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Images Dated 2019 March

Available as Framed Prints, Photos, Wall Art and Gift Items

Choose from 127 pictures in our Images Dated 2019 March collection for your Wall Art or Photo Gift. Popular choices include Framed Prints, Canvas Prints, Posters and Jigsaw Puzzles. All professionally made for quick delivery.

29 Mar 2019 Featured March Print

29 Mar 2019


Art, Artist, Artwork, Coast, Fisherman, Fishing, Net, Painting, Rocks, Sailing, Sea, Seascape, Ships, Shore, Shrimp

Penhallow Home Guard, Perranzabuloe, Cornwall. 1940 Featured March Print

Penhallow Home Guard, Perranzabuloe, Cornwall. 1940

The Home Guard, formerly the Local Defence Volunteers, was formed in 1940 when there was a risk of invasion during the Second World War. Most men who were able to fight were already in the armed forces. The remaining men were either too young, too old, medically unfit or in reserved occupations (key jobs which were vital to the war effort). Joe Dyer is pictured in the back row, second from left. Joe was a farmer at Carnkief, Goonhavern and was a despatch rider in the Home Guard as he owned a motorbike. Photographer: Unknown

© From the collection of the RIC

Richard Arthur (Dicky Nine Lives), Edwyn Vincent (1858–1919) Featured March Print

Richard Arthur (Dicky Nine Lives), Edwyn Vincent (1858–1919)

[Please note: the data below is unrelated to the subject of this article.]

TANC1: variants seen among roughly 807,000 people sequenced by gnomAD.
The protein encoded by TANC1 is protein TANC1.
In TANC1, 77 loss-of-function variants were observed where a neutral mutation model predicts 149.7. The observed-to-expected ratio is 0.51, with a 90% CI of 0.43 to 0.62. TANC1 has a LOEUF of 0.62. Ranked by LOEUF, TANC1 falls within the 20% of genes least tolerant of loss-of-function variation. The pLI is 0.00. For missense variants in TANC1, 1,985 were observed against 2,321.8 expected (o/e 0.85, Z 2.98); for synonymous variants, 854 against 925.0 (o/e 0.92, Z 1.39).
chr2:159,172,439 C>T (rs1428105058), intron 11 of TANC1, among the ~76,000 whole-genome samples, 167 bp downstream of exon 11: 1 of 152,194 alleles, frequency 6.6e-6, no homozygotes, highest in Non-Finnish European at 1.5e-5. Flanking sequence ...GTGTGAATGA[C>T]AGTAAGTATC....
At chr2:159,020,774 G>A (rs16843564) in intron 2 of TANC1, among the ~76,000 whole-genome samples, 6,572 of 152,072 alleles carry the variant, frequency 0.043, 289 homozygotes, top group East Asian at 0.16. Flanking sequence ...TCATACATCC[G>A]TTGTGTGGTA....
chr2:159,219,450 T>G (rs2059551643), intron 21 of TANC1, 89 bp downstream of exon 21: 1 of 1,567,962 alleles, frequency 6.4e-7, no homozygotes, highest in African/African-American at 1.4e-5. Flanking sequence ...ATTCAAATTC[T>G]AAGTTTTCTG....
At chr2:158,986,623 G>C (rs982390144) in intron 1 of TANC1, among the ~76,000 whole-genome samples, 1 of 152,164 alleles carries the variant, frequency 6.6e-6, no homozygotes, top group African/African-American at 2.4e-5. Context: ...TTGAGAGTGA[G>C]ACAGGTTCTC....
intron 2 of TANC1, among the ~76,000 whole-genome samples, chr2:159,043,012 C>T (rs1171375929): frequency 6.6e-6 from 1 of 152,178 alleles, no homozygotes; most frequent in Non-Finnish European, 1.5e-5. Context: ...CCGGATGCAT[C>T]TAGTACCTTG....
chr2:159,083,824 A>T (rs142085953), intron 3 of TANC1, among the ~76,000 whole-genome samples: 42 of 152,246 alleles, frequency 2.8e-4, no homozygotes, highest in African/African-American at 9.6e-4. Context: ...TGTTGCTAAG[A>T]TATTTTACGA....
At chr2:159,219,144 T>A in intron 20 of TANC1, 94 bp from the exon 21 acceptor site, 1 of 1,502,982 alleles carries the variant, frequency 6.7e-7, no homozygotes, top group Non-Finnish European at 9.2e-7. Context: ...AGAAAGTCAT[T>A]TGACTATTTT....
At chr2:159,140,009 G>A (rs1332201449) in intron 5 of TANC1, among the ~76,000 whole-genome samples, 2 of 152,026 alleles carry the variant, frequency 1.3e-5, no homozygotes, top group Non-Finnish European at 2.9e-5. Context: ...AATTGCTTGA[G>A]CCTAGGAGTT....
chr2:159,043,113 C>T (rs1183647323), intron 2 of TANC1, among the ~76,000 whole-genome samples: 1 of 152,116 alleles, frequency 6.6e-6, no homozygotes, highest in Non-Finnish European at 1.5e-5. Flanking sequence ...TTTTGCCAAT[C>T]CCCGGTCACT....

Oil on canvas, English School, 1887. Primitive style full length portrait of man in mining clothes with Pednandrea Mine in the background of the painting. Richard Arthur was known as 'Dicky Nine Lives', after falling down the inside of Pednandrea mine stack and surviving. He died in Penzance in June 1893, at the age of around 70. A report from Redruth in the Royal Cornwall Gazette on Thursday 15th June 1893 states: 'News has reached here from Penzance of the death of the well known character, Richard Arthur, generally known as "Dickey Nine Lives" by reason of numerous hairbreadth escapes, chief among which was a fall down the inside of Pednandrea stack. This wonderful man was well known to almost every person within a radius of 15 miles, and his marvellous exploits have formed the topic of many a Cornish yarn. With no settled residence or means of sustenance, he managed to exist with the occasional comfort of a "bit of bacca." When sometime ago it was rumoured that Dicky had suddenly inherited a large fortune, he was immediately addressed as Mr. Arthur, and for some reason consented to have his "picture taken" by a local photographer. This photo when exhibited caused considerable amusement, Dickey being taken in his usual attire. The fortune eventually turned out to be a hoax. It would hardly be possible to find in Cornwall a person whose life has to abounded in comical incidents, and a sharp literary aspirant would win immediate popularity by publishing a life of Dickey Nine Lives. Edwyn Vincent was publisher and printer of 'The Eagle' at the Printing Works Redruth. This painting may have been intended to illustrate an article in 'The Eagle'